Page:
Author: Nazrin Rustamzade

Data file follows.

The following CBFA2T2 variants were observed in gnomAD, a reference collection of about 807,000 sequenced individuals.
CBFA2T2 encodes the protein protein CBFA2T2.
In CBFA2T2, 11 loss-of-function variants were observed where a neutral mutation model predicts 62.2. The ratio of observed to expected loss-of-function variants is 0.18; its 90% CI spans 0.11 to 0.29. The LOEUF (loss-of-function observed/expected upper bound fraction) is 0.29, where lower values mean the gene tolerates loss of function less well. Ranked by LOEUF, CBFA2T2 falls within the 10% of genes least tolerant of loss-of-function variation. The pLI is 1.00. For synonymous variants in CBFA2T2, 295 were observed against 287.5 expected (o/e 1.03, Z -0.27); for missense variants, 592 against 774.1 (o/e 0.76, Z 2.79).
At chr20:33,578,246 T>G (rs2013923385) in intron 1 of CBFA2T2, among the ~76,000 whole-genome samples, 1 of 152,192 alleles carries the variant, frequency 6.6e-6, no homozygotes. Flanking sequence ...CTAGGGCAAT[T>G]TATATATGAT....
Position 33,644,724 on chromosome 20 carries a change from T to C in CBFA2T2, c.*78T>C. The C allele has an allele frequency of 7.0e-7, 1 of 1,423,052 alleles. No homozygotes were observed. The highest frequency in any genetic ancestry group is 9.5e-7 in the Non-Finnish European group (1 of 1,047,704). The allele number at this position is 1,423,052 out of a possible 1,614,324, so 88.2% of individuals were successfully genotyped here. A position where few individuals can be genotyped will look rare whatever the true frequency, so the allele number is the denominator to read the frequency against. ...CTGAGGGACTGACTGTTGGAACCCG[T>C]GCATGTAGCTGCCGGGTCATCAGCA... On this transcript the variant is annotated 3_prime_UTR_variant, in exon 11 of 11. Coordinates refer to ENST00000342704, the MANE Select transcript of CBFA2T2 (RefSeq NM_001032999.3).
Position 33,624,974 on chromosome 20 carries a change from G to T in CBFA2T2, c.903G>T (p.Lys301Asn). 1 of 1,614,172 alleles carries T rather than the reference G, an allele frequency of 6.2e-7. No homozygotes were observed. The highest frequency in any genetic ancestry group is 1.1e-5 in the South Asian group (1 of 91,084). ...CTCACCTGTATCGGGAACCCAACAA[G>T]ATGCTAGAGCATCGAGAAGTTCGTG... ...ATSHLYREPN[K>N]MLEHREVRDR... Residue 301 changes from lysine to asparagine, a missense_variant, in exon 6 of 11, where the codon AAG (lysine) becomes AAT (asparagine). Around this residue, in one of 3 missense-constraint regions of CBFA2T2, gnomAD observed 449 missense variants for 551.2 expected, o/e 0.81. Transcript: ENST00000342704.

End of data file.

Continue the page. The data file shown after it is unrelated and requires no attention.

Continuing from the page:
Antibiotics, have revolutionized medicine and empowered humankind to survive the deadliest of infections. Ever since the commercialization of penicillin, antibiotics have become an inherent component of a wide range of routine medical procedures as well as, but not limited to cancer treatments and organ transplants. Antibiotics have played a significant role in decreasing morbidity and mortality levels caused by food – borne infections in poverty – stricken developing countries, where sanitation remains poor . However , the efficacy of antibiotics is substantially compromised and weakened by the bacteria’s ability to withstand exposure to antibiotic drugs . Bacteria evolve and adapt to their environments , eventually passing their mutations onto other types of bacteria through DNA. Anti microbial resistance (AMR) has risen to dangerously high levels all around the world , making common infections harder to treat. According to the United Nations, by 2050, antibiotic – resistant diseases could bring about 10 million deaths annually.1 Today, the all – consuming era of the COVID – 19 pandemic has temporarily replaced AMR in its bid for the world’s most pressing global threat. Unfortunately, this has allowed it to propagate behind closed doors and rise to previously unthought – of heights . Thus, it becomes critical to examine whether or not COVID – 19 has exacerbated the spread of antimicrobial resistance.